6th March 2020 - Conor O' Boyle
If you are looking to buy a new (or new-to-you) car, being savvy with your shopping can go a long way towards ensuring you end up with a vehicle that is right for you and your lifestyle.
From researching to dealing with the dealers, negotiating to driving away your dream car, there’s a lot to consider. But don’t worry, we’ve got you covered. Whether you are at the browsing stage or have narrowed down your choices, we are here to offer you some guidance with our top tips for buying a car in Ireland.
The best way to do this is to make a list which will help you to decide on the basics first.
Then you make a list of the extras that you would love to have but aren’t necessarily dealbreakers. For example, Bluetooth, sat-nav, reversing camera, leather seats, etc.
When it comes to budgeting for your car, you need to decide how much you have to spend on the car itself as well as how much you can afford to spend on running costs e.g. tax and insurance each year, the NCT and fuel.
If you are paying cash and buying secondhand, then buying an older car might cost less but they can be more expensive to tax and insure.
If the car is four years or older but less than 10 years old, you have to factor in the cost of an NCT every two years. If the car is over ten years old but less than 30 years old, you have to factor in the cost of a yearly NCT.
If the car was registered before 2008, then the tax is on the old by-engine-capacity taxation system. If the car was registered after 2008, then the tax is on the CO2-based
system. You can check out the Irish motor tax rates here.
To get an idea of insurance costs, you can put the registration number of the car you are thinking of buying into an online insurance database. These will give you a rough quote.
However, as a rough guide, the smaller the engine the cheaper the insurance, although plenty of other factors are taken into consideration when it comes to insurance premiums.
So, whilst a ten-year-old car for €4000 might seem to be a bargain, a seven-year-old car for €4500 might work out cheaper in the long run.
The best place to search is using the Sweep app, obviously. It is a great way to narrow down your options.
To make the most of the Sweep app, adjust the ‘advanced filter’ settings so you can really focus your search and just look for the cars that match all your requirements. You can search by Make, Model, Fuel Type, Engine Size, Transmission and a lot more. When you have narrowed down your search just ‘like’ the ones that appeal to you.
Apart from online, you can also look at noticeboards in your local supermarket and library and newspapers also carry for sale adverts.
When you have found a car you like, contact the seller and arrange a viewing. Always arrange a viewing during daylight hours. This is not only for safety but you can see scrapes and damage to the bodywork a lot better. If you have to view the car at night, bring a torch.
If you can, take someone with you when you go to look at the car. If they know about cars all the better, but try to bring someone whose opinion you trust.
When viewing the car make sure you check it out thoroughly.
The average mileage of a regular, privately-owned passenger car in Ireland is roughly 17,000km (10,500 miles in old money).
It can be a little higher for diesel-powered cars that have been used for business (salesman not taxi driver). The mileage for these could be as high as 24,000km/15,000 miles. So if you are looking at a ten-year-old petrol car expect the mileage to be around 170,000km. But don’t be put off by a car with high mileage.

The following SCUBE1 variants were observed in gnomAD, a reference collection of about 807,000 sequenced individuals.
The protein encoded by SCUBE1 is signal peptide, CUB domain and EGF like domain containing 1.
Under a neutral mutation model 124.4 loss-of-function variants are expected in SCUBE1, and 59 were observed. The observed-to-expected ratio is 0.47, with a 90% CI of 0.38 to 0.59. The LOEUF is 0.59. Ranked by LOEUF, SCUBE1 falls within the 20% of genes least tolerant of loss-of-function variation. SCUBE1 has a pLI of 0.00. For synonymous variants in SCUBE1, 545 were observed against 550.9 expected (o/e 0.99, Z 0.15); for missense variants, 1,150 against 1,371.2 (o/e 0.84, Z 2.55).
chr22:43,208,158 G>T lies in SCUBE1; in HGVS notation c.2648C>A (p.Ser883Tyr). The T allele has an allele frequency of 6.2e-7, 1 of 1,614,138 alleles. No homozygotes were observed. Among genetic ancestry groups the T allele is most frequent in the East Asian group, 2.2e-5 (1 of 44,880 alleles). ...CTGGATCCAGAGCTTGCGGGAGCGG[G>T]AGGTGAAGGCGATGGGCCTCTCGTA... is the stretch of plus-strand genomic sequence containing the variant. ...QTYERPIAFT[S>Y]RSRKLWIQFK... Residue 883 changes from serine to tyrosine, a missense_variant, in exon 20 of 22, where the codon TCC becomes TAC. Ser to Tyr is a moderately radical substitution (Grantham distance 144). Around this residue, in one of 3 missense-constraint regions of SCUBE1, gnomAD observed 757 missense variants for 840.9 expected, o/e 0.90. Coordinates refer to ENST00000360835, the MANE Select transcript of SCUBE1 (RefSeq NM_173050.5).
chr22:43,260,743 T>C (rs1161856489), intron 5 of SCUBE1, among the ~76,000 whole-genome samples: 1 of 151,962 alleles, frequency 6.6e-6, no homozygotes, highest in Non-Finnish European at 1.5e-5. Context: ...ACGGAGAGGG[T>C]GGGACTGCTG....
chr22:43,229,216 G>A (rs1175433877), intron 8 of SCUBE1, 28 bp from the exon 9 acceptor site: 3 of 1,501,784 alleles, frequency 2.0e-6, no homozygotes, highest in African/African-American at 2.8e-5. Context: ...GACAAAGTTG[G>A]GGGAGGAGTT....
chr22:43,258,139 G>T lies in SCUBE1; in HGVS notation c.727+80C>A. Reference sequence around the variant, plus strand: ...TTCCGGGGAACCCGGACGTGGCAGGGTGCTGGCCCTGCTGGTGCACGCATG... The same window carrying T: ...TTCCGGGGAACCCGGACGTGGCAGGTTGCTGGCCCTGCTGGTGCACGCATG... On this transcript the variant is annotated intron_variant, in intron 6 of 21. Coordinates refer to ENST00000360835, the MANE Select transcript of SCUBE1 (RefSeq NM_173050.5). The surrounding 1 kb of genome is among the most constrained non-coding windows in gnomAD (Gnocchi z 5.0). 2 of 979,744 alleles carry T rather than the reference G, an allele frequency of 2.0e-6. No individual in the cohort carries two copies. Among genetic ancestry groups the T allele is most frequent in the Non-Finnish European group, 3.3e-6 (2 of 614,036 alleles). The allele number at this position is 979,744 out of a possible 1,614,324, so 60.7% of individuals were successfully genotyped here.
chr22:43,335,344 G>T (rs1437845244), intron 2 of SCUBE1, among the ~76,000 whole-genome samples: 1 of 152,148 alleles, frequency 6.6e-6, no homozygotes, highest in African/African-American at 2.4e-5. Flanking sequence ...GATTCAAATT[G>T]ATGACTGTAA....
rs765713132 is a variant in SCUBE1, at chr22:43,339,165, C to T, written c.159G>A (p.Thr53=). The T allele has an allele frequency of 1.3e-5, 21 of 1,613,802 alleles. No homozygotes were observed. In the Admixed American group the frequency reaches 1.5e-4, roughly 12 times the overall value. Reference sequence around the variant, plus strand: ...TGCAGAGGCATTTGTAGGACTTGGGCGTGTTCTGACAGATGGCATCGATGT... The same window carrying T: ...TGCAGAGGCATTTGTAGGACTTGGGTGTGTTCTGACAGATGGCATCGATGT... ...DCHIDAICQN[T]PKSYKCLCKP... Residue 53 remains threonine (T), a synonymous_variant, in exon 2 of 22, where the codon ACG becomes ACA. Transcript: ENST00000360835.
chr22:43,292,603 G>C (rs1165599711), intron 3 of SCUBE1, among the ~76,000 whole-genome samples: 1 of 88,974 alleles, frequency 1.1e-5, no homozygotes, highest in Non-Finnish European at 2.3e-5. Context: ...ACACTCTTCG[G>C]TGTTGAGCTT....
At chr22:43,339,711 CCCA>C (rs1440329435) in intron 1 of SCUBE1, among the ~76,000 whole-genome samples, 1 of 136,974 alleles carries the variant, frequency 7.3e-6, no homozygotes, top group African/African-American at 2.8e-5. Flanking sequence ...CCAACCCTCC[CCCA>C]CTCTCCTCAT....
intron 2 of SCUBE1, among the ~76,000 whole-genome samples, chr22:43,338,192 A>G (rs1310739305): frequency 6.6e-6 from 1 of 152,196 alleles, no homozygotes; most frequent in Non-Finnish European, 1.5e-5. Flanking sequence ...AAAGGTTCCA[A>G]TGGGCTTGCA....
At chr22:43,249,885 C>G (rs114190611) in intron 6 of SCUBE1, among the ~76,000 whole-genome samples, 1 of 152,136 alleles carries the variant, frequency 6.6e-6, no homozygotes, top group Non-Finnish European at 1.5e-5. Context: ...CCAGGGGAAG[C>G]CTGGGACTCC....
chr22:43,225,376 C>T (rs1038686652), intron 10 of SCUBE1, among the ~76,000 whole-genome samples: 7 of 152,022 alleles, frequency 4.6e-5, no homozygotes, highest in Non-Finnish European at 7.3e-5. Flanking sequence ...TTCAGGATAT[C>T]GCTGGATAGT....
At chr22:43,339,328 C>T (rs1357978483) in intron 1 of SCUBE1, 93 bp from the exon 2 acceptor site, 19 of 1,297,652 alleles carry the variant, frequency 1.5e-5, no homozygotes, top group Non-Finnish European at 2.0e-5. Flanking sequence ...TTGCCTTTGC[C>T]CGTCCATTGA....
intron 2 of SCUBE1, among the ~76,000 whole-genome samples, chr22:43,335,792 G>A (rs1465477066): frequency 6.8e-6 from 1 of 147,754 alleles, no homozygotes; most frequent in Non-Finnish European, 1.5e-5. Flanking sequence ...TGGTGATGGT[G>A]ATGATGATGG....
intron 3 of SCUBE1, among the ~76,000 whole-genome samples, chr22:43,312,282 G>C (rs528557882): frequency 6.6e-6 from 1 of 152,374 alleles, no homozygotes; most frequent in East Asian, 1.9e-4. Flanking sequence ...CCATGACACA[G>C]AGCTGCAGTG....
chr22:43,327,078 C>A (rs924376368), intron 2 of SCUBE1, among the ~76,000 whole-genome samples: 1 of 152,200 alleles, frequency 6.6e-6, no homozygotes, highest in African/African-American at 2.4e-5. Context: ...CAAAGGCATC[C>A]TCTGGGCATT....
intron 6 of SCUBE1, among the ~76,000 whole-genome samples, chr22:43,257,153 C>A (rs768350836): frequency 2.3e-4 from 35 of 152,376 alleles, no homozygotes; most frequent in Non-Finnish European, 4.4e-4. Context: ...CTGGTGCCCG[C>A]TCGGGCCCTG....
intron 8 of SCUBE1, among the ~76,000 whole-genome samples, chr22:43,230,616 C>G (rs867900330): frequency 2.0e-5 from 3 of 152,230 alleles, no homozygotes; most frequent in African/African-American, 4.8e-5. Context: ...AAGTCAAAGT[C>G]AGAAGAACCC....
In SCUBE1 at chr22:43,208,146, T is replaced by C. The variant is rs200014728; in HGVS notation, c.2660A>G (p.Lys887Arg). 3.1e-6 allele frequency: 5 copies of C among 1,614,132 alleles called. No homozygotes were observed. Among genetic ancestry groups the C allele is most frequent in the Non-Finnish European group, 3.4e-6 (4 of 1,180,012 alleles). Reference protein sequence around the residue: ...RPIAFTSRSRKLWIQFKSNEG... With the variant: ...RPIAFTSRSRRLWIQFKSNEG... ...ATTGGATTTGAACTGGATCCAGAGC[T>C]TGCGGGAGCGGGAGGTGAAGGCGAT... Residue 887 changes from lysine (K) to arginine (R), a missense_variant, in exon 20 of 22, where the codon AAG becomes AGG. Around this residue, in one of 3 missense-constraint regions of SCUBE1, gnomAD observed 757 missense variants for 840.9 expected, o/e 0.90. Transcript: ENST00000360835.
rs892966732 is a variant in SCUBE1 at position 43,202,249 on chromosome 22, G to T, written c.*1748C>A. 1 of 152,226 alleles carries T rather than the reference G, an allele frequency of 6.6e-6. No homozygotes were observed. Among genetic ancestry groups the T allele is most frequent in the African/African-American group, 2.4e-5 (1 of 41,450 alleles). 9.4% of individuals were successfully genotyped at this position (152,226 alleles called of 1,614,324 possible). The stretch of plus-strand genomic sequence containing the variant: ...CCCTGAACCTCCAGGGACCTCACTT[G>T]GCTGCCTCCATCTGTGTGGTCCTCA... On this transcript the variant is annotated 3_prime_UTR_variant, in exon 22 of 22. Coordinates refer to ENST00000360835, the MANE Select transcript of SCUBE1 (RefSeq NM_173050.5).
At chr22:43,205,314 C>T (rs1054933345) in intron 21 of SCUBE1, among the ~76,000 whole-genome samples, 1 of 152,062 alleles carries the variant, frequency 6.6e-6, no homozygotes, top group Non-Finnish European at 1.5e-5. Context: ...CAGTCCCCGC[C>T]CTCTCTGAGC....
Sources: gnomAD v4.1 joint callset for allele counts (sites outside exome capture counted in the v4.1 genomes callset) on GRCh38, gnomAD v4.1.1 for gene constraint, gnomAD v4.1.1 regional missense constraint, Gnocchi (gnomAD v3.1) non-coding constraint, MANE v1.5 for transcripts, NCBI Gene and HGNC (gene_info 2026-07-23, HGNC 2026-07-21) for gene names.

However, if the car you are viewing has much lower mileage for its age and looks like it has been well-driven – heavy wear and tear on the driving seat, pedals, gear selector, steering wheel – be wary and check it out.
You should always test drive the car. Make sure you are insured to drive the car before you go for the viewing. Ask your insurer if your policy covers you to drive another car (this is known as Driving Other Cars (DOC) cover. If not, you can ask your insurance company to add temporary cover. Bring the documents with you to the viewing. If the seller, for whatever reason, won’t let you take the car for a test drive, then walk away.
Test drive the car for around thirty minutes and drive at different speeds and note how the steering, gears and brakes feel. Listen out for any strange noises and check for blue
smoke coming from the exhaust.
If you are happy with the visual checks and test drive, the next step is to do a bit of digging to make sure everything is kosher. A quick car history check will tell you some helpful basics. You just add the car registration number into the website and it will tell you the correct make, model, a brief description and the engine capacity.
You can also pay for a more in-depth check which will carry out a finance check, tell you what the milage should be and the number of owners. We always recommend paying for a more in-depth report.
If you are buying a used car from a private seller use any dents, scrapes, wear and tear as bargaining tools to ask for some money off.
If you are buying a new car from a dealer, you can save some money by buying an ex-demo car, buying a run-out model or buying at the end of the month.
For more ways on how to save money when buying a car in Ireland, have a read of our money-saving tips blog post.
We would advise you to pay with a bank draft or bank transfer and not with cash. If you leave a deposit, make sure you get a receipt and make sure the seller signs it.
When you have paid for the car in full, you and the seller both need to sign the change of ownership section on the VRC and put it in the post asap.
When you have paperwork all sorted and the keys in your hand, you can drive away your new car provided it is taxed, insured and has a valid NCT. If it doesn’t you can always tow it away.